To understand the frequency, and thus the formation and evolution, of planetary systems like our own solar system, it is critical to detect Jupiter-like planets in Jupiter-like orbits. For long-term radial-velocity monitoring, it is useful to estimate the observational effort required to reliably detect such objects, particularly in light of severe competition for limited telescope time. We perform detailed simulations of observational campaigns, maximizing the realism of the sampling of a set of simulated observations.We then compute the detection limits for each campaign to quantify the effect of increasing the number of observational epochs and varying their time coverage. We show that once there is sufficient time baseline to detect a given orbital period, it becomes less effective to add further time coverage-rather, the detectability of a planet scales roughly as the square root of the number of observations, independently of the number of orbital cycles included in the data string. We also show that no noise floor is reached, with a continuing improvement in detectability at the maximum number of observations N = 500 tested here.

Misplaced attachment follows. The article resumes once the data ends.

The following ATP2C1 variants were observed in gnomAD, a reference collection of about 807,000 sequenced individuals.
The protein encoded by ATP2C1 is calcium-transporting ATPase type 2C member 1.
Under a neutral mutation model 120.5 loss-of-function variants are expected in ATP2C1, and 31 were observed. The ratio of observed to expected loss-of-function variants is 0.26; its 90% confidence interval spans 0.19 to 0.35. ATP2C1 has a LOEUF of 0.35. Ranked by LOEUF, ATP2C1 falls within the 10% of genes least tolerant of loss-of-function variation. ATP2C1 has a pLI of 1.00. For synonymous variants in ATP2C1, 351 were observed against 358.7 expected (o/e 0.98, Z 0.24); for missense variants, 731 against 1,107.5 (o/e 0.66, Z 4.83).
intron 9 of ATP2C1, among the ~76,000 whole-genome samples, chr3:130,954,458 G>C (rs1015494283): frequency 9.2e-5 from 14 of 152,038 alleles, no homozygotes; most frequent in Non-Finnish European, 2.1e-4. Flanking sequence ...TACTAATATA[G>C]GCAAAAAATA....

|Number of pages||6|
|Journal||Publications of the Astronomical Society of the Pacific|
|Publication status||Published - Apr 2013|